MILLVILLE — For Phil and Glen Weiss, of Philadelphia, the Millville Wheels and Wings Air Show held a special significance.
The father-son duo have gone to at least 30 shows together, but Saturday’s show at the Millville Airport marked the final one they would attend together for a while. On Thursday, Phil Weiss, a second lieutenant in the Air Force, leaves for Edwards Air Force Base in California.
“It’s going to be tough, but we are going to have a blast today,” said Glen Wilson, 63. “It brings me back to when he was 2 years old at Willow Grove and he was on the shoulders as the Blues (the Blue Angels) did a sneak pass and all of the other children were crying and he was laughing.”
The show featured a performance by the U.S. Navy’s Blue Angels as well as other acts. The show continues Sunday with the gates opening at 9 a.m.
“We are expecting between 20,000 to 25,000 people per day because the weather is excellent,” said Lisa Jester, air show coordinator. “People love the Blue Angels and they have been here in 10 years.”
Millville is the only location in the state where the Blue Angels will perform this year. The pilots fly F/A-18 Hornets that cost about $21 million each. They can travel at nearly twice the speed of sound and perform precision aerobatic maneuvers.
“I love the Blue Angels,” said Lisa David, 50, of Millville, as she waited for the show to start. “I came a couple of years ago and had a great time.”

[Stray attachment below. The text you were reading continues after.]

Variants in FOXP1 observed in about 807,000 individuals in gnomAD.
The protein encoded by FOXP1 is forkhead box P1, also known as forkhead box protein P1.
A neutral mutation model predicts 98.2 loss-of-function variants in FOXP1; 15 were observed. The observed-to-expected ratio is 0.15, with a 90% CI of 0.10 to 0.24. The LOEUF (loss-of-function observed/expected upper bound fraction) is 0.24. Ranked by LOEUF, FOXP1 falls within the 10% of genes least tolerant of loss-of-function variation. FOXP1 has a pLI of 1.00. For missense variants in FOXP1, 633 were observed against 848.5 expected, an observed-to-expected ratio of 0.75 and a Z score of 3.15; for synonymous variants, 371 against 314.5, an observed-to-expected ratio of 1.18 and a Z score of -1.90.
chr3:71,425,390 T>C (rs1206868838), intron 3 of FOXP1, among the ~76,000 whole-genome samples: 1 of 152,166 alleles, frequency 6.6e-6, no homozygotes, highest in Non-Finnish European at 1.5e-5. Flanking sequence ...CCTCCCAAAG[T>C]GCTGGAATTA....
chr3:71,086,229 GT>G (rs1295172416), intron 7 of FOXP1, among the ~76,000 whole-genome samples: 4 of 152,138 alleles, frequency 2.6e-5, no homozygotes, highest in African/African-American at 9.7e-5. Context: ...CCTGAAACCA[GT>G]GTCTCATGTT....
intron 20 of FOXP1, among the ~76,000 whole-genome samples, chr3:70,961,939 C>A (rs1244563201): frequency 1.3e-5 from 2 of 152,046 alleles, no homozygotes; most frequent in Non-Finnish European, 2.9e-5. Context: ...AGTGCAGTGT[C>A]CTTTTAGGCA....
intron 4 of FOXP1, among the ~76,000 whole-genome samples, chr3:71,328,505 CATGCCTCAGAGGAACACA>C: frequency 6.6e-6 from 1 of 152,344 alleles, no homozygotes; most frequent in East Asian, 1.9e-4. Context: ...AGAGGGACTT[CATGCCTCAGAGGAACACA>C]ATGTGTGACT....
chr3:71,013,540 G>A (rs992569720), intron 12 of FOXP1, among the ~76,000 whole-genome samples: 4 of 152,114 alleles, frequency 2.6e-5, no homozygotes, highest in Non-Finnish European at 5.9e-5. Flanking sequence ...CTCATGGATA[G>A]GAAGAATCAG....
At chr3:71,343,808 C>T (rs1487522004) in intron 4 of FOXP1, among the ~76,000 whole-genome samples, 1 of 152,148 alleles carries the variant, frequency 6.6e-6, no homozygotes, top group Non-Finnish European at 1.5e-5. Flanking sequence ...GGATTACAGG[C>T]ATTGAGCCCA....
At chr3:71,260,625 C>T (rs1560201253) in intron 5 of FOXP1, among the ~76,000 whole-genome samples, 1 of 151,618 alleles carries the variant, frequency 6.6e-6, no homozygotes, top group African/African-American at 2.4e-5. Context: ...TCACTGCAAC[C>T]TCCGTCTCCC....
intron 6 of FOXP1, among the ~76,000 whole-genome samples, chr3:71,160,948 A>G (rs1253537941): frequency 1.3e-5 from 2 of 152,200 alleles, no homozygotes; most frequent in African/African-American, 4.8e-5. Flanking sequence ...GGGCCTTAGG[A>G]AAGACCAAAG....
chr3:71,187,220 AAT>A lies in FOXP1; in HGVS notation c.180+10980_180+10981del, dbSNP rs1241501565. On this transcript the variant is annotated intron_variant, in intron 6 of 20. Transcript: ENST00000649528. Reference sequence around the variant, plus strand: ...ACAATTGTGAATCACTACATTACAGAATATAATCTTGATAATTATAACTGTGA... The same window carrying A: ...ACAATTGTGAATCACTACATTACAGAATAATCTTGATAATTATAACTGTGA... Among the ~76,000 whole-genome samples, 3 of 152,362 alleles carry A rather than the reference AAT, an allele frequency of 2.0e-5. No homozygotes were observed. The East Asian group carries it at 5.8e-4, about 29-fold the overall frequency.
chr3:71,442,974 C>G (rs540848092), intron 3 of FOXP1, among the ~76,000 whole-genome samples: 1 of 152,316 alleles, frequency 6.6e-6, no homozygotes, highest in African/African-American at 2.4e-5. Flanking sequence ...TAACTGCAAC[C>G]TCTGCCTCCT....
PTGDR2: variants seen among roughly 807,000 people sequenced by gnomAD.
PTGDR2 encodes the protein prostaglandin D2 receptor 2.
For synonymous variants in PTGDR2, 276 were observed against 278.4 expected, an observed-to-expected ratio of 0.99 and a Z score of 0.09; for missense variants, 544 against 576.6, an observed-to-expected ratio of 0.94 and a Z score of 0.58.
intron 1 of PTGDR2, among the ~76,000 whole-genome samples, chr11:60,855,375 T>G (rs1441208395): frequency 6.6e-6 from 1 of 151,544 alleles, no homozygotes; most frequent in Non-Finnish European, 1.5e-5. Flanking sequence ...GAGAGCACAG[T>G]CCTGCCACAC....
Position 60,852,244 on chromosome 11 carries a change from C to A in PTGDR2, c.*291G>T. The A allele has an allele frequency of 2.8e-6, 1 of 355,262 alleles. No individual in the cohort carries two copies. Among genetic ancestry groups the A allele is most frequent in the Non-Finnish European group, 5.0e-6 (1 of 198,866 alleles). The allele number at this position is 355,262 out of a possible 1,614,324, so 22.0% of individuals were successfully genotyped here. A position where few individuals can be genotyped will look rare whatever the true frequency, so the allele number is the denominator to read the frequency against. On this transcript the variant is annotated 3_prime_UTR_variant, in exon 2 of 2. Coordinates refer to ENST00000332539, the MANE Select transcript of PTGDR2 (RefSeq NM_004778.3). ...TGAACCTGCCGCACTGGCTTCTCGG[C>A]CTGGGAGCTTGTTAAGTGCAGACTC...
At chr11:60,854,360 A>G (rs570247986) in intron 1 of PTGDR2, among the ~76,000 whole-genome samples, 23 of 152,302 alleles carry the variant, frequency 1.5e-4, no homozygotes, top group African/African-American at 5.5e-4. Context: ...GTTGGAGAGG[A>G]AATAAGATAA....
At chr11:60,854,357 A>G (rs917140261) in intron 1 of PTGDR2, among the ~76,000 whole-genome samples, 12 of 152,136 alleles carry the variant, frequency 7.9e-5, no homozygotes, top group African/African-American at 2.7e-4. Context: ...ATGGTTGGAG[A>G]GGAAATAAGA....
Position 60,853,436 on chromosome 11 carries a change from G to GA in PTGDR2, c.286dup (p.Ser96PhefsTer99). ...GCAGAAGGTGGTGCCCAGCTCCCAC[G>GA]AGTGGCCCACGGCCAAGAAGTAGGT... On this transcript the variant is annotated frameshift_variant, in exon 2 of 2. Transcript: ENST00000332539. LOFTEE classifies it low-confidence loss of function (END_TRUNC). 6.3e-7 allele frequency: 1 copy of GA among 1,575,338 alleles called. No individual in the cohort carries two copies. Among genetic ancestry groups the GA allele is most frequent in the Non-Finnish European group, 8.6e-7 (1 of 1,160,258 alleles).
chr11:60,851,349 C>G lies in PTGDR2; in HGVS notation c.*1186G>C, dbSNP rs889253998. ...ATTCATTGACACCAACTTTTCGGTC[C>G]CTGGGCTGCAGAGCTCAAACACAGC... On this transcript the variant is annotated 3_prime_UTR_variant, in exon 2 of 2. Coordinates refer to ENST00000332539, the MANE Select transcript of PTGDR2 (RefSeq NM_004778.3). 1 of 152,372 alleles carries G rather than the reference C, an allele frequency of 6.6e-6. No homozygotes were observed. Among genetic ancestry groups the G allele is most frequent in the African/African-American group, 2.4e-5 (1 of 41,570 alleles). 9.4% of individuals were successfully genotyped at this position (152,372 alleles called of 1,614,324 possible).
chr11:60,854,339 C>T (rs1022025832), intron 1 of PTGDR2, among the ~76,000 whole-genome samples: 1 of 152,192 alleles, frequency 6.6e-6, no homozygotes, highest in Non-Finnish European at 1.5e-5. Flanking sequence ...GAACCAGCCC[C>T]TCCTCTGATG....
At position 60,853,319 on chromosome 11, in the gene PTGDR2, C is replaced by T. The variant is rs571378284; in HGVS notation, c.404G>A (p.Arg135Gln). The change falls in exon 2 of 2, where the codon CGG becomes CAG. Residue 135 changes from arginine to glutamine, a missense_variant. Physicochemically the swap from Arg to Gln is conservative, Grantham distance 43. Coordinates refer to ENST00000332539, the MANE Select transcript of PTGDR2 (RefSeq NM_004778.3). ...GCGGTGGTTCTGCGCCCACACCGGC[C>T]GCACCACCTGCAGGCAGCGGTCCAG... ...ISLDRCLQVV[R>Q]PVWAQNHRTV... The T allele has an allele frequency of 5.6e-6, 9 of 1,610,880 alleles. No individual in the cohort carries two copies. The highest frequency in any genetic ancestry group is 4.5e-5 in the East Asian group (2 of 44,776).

Jared Stevens, 23, of Vineland, said the air show is the perfect way to kick off Memorial Day weekend.
“It’s a great show,” Stevens, 23, of Vineland, said Saturday morning as he rushed to grab a coveted spot on the grass at the airport. “There is so much to do here. There is a great mix of acts and displays.”
When the gates opened at 9 a.m people, carrying blankets and chairs scurried to find perfect viewing spots. A steady stream of people flowed into the airport throughout the day.
“It’s a lot of fun,” said Matt Gallagher, 32, of Franklinville, as he sat with his 2-year-old daughter, Keira, and his 1-year-old son, Michael. “It gives us something to do.”
As the planes flew over, Keira jumped up and down and pointed to the passing planes.
Phil Weiss said he hadn’t thought much about it being the last show for a while with his dad.
“Hopefully I will be able to get him out there for a show,” Weiss said. “I’ll think about it after it’s over on the ride home.”